Bouzid D et al., Comparison of Patients Infected With Delta Versus Omicron COVID-19 Variants Presenting to Paris Emergency Departments : A Retrospective Cohort Study, Ann Intern Med, 2022
Bouzid D, Visseaux B, Kassasseya C, Daoud A, Fémy F, Hermand C, Truchot J, Beaune S, Javaud N, Peyrony O, Chauvin A, Vaittinada Ayar P, Bourg A, Riou B, Marot S, Bloom B, Cachanado M, Simon T, Freund Y, IMProving Emergency Care (IMPEC) FHU Collaborators Group
Ann Intern Med. 2022 Mar 15. doi: 10.7326/M22-0308. PMID: 35286147.
Background: At the end of 2021, the B.1.1.529 SARS-CoV-2 variant (Omicron) wave superseded the B.1.617.2 variant (Delta) wave.
Objective: To compare baseline characteristics and in-hospital outcomes of patients with SARS-CoV-2 infection with the Delta variant versus the Omicron variant in the emergency department (ED).
Design: Retrospective chart reviews.
Setting: 13 adult EDs in academic hospitals in the Paris area from 29 November 2021 to 10 January 2022.
Patients: Patients with a positive reverse transcriptase polymerase chain reaction (RT-PCR) test result for SARS-CoV-2 and variant identification.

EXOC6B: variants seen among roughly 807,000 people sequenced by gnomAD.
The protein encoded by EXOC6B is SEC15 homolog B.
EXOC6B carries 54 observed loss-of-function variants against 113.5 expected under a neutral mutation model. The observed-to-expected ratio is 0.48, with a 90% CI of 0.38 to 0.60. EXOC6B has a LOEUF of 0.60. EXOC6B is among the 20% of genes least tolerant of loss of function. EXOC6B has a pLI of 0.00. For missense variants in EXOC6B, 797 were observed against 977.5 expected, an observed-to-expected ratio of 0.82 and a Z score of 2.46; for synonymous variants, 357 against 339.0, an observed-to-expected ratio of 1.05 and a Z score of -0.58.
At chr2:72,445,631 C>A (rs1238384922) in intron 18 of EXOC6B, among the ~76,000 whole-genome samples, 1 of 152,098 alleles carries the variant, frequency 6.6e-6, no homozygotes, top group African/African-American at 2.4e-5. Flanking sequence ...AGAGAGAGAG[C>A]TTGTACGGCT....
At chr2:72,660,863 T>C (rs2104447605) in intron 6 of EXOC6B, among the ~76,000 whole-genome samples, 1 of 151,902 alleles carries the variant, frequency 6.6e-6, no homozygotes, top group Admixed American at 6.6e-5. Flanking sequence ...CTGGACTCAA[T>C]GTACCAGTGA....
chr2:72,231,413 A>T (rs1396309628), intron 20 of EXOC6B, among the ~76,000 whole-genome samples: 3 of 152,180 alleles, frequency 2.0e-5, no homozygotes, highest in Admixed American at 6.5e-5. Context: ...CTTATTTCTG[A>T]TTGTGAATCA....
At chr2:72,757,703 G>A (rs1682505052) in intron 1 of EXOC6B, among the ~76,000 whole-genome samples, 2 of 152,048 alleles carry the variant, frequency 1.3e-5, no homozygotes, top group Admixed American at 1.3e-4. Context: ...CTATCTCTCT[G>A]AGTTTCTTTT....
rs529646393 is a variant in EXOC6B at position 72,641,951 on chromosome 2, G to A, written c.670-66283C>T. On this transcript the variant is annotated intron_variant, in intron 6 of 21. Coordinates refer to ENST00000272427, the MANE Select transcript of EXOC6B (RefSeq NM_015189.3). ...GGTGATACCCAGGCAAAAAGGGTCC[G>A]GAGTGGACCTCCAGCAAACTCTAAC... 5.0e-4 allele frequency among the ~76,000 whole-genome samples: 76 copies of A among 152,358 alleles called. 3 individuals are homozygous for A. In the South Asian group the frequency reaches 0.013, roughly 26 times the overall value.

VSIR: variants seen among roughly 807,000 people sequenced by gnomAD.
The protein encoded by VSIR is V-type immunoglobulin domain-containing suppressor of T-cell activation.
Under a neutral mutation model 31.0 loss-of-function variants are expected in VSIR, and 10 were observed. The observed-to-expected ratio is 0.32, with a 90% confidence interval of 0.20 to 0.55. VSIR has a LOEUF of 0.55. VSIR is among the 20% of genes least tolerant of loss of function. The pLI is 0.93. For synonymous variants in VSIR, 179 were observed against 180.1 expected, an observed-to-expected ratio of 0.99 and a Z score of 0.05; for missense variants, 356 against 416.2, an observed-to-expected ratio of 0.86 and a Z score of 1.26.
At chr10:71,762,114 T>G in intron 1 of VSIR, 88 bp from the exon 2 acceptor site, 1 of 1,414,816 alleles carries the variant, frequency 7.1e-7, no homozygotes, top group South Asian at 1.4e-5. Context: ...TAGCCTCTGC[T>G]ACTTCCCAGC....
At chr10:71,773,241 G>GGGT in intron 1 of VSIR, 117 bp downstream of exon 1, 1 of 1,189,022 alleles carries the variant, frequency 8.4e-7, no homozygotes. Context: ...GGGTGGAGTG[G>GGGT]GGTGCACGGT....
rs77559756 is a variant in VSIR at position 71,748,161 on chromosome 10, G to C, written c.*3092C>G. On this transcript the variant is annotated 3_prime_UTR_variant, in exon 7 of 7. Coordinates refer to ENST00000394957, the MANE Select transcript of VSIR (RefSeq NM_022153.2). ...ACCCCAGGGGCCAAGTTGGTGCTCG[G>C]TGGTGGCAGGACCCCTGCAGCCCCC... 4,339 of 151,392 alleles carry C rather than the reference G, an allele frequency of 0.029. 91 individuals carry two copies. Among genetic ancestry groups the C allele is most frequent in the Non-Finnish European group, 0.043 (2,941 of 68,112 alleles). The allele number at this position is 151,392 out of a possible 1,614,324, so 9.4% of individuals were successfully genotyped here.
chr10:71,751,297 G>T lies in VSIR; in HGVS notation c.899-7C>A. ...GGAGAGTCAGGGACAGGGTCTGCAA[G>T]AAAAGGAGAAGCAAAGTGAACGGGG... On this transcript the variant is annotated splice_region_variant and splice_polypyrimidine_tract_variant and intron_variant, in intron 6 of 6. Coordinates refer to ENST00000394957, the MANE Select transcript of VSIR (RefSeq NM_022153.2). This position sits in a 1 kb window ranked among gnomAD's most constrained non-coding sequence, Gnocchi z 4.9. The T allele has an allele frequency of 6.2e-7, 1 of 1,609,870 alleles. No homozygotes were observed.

Measurements: Main outcome measures were baseline clinical and biological characteristics at ED presentation, intensive care unit (ICU) admission, mechanical ventilation, and in-hospital mortality.
Results: A total of 3728 patients had a positive RT-PCR test result for SARS-CoV-2 during the study period; 1716 patients who had a variant determination (818 Delta and 898 Omicron) were included. Median age was 58 years, and 49% were women. Patients infected with the Omicron variant were younger (54 vs. 62 years; difference, 8.0 years [95% CI, 4.6 to 11.4 years]), had a lower rate of obesity (8.0% vs. 12.5%; difference, 4.5 percentage points [CI, 1.5 to 7.5 percentage points]), were more vaccinated (65% vs. 39% for 1 dose and 22% vs. 11% for 3 doses), had a lower rate of dyspnea (26% vs. 50%; difference, 23.6 percentage points [CI, 19.0 to 28.2 percentage points]), and had a higher rate of discharge home from the ED (59% vs. 37%; difference, 21.9 percentage points [-26.5 to -17.1 percentage points]). Compared with Delta, Omicron infection was independently associated with a lower risk for ICU admission (adjusted difference, 11.4 percentage points [CI, 8.4 to 14.4 percentage points]), mechanical ventilation (adjusted difference, 3.6 percentage points [CI, 1.7 to 5.6 percentage points]), and in-hospital mortality (adjusted difference, 4.2 percentage points [CI, 2.0 to 6.5 percentage points]).
Limitation: Patients with COVID-19 illness and no SARS-CoV-2 variant determination in the ED were excluded.
Conclusion: Compared with the Delta variant, infection with the Omicron variant in patients in the ED had different clinical and biological patterns and was associated with better in-hospital outcomes, including higher survival.